Three international players — Barisic, Erik Czumbel and Lachlan Bofinger — along with a few others made it happen, as UTSA defeated an NCAA Division I program for the first time this season and improved to 4-0 at home.

Taking a three-point lead into the second half, the Roadrunners started to play much better on both ends.

As a result, they routed the Cardinals 54-35 in the final 20 minutes behind 65 percent shooting from the floor.

For the game, the Roadrunners’ reserves hit 15 of 22 afield and outscored the Cardinals, 41-21.

Keaton Wallace. UTSA beat Lamar 88-66 on Tuesday, Dec. 22, 2020, at the Convocation Center. - photo by Joe Alexander

Keaton Wallace missed his first three shots but made four of his last seven to finish with 12 points. — Photo by Joe Alexander

UTSA has a nine-day break before opening Conference USA play at Rice.

The Roadrunners play the Owls on back-to-back days in Houston, on Jan. 1-2, to kick off the conference phase of the schedule.


UTSA 4-3
Lamar 1-7


Luka Barisic, a 6-foot-10 native of Croatia, arrived at UTSA last season as a junior college transfer. After averaging 6.6 points in his first year as a Roadrunner, he entered the Lamar game averaging 7.5. Against the Cardinals, he checked in at 16:57 of the first half, and after missing his first shot, he made his next three to spark the Roadrunners. He finished 7 of 11 from the field, including 3 of 6 from three-point territory.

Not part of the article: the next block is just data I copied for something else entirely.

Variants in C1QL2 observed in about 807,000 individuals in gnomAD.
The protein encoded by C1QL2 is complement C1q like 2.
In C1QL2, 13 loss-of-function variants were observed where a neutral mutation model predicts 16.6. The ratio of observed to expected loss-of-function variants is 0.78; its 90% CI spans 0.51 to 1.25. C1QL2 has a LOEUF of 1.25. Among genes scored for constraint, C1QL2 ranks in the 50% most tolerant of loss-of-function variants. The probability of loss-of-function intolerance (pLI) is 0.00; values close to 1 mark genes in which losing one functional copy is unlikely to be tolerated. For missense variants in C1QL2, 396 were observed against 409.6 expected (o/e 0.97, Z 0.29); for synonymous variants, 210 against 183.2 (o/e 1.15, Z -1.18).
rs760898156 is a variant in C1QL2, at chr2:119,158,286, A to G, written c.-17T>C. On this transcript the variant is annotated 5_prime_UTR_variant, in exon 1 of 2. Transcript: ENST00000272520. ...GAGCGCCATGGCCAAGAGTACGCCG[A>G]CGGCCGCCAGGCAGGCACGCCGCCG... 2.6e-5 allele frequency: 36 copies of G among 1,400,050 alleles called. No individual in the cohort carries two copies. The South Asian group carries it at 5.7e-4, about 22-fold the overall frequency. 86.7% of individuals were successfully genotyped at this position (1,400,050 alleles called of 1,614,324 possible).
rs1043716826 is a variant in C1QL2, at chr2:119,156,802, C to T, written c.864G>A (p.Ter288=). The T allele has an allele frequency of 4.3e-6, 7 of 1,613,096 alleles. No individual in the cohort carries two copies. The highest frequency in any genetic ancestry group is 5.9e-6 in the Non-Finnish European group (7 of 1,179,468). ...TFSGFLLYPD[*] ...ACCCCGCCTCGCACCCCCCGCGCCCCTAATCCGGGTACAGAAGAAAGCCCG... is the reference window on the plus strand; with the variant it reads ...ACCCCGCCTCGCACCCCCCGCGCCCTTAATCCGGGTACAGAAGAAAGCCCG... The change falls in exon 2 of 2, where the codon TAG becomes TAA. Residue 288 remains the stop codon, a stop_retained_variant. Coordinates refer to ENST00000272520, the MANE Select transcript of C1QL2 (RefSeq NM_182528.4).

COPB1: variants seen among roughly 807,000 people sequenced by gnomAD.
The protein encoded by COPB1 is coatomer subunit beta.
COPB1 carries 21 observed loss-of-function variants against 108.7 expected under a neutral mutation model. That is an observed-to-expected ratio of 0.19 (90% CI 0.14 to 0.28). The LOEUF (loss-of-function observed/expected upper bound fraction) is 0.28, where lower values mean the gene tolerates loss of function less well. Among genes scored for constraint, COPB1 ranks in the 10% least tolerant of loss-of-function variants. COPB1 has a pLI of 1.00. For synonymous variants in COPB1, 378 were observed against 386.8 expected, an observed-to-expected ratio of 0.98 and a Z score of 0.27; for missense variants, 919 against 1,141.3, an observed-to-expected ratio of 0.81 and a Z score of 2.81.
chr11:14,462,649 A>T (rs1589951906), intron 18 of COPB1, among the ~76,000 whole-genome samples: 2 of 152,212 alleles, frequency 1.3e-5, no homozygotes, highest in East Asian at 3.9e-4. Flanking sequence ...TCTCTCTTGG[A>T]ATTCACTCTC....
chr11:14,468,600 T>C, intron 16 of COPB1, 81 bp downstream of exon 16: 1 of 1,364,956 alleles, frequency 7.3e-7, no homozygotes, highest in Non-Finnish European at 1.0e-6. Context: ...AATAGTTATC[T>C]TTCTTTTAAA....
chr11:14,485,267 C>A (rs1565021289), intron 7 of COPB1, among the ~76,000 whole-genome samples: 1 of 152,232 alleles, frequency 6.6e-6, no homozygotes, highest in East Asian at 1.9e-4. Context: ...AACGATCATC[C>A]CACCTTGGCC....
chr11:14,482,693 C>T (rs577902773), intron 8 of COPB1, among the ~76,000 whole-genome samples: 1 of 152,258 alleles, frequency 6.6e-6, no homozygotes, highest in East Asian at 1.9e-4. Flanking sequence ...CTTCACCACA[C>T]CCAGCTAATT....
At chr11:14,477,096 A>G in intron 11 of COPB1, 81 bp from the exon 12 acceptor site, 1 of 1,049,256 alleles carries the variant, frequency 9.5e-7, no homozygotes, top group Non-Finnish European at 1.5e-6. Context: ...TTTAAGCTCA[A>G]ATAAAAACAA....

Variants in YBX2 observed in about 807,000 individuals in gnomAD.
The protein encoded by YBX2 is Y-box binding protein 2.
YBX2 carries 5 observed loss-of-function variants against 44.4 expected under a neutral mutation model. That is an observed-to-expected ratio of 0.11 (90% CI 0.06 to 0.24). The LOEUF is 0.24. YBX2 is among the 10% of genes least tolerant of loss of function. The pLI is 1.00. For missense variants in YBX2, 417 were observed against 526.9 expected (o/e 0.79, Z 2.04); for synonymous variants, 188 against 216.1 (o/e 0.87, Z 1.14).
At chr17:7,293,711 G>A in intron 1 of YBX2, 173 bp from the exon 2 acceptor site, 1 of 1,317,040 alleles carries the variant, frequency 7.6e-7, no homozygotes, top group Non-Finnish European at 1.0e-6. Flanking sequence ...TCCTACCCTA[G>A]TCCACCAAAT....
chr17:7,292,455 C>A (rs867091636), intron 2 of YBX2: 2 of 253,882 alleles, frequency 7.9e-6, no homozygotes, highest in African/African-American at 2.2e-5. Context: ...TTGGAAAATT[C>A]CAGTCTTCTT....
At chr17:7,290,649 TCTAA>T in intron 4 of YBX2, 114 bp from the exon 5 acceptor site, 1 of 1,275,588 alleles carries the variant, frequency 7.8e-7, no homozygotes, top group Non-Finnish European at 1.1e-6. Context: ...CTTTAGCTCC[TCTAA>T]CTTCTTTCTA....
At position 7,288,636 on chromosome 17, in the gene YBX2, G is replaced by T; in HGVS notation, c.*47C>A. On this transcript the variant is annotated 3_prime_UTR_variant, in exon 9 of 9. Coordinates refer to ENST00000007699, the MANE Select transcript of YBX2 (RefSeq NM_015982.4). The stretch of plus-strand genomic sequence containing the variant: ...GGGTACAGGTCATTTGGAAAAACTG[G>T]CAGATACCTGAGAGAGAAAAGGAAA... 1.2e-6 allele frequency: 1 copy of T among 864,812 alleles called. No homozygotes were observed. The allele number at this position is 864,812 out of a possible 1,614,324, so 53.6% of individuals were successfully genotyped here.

“I was just feeling good. I made some shots. That raised the confidence. Then, it’s much easier to play.” — Luka Barisic.

Flow of the game

From the opening tip, Lamar played with confidence, as the team shot 50 percent from the field or better for the first 15 minutes. Guard Davion Buster led the way with three 3-point shots.

Several times, the Cardinals pushed the lead to six, the last time with 4:04 remaining before the break.

Keaton Wallace hit his only field goal of the first half with three seconds left, lifting the Roadrunners into a 34-31 lead at intermission.

The shot capped a 12-3 run for UTSA in the final four minutes and created a sense of momentum leading into the dressing room.

Erik Czumbel. UTSA beat Lamar 88-66 on Tuesday, Dec. 22, 2020, at the Convocation Center. - photo by Joe Alexander

Sophomore guard Erik Czumbel had nine points, two rebounds and two assists in 22 minutes. — Photo by Joe Alexander

UTSA led all the way in the second half. At one point, the Cardinals pulled within two with 15 minutes left. But the Roadrunners kicked up the tempo and sent the visitors reeling with a 21-7 run, capped by dunks from Bofinger and Jacob Germany.

UTSA led by as much as 25 with less than two minutes remaining.

Coach’s corner

Steve Henson: “I didn’t think we came out with the kind of fight that I thought we would have. We were pretty energetic at shootaround. We had a good practice yesterday. Our guys just didn’t get off to a very good start. The game itself didn’t have much flow. It was kind of slow. We weren’t getting stops and we couldn’t run … Jhivvan (Jackson) didn’t shoot it well early. That was one of the positives. We were able to play through one of those nights.”

Finding balance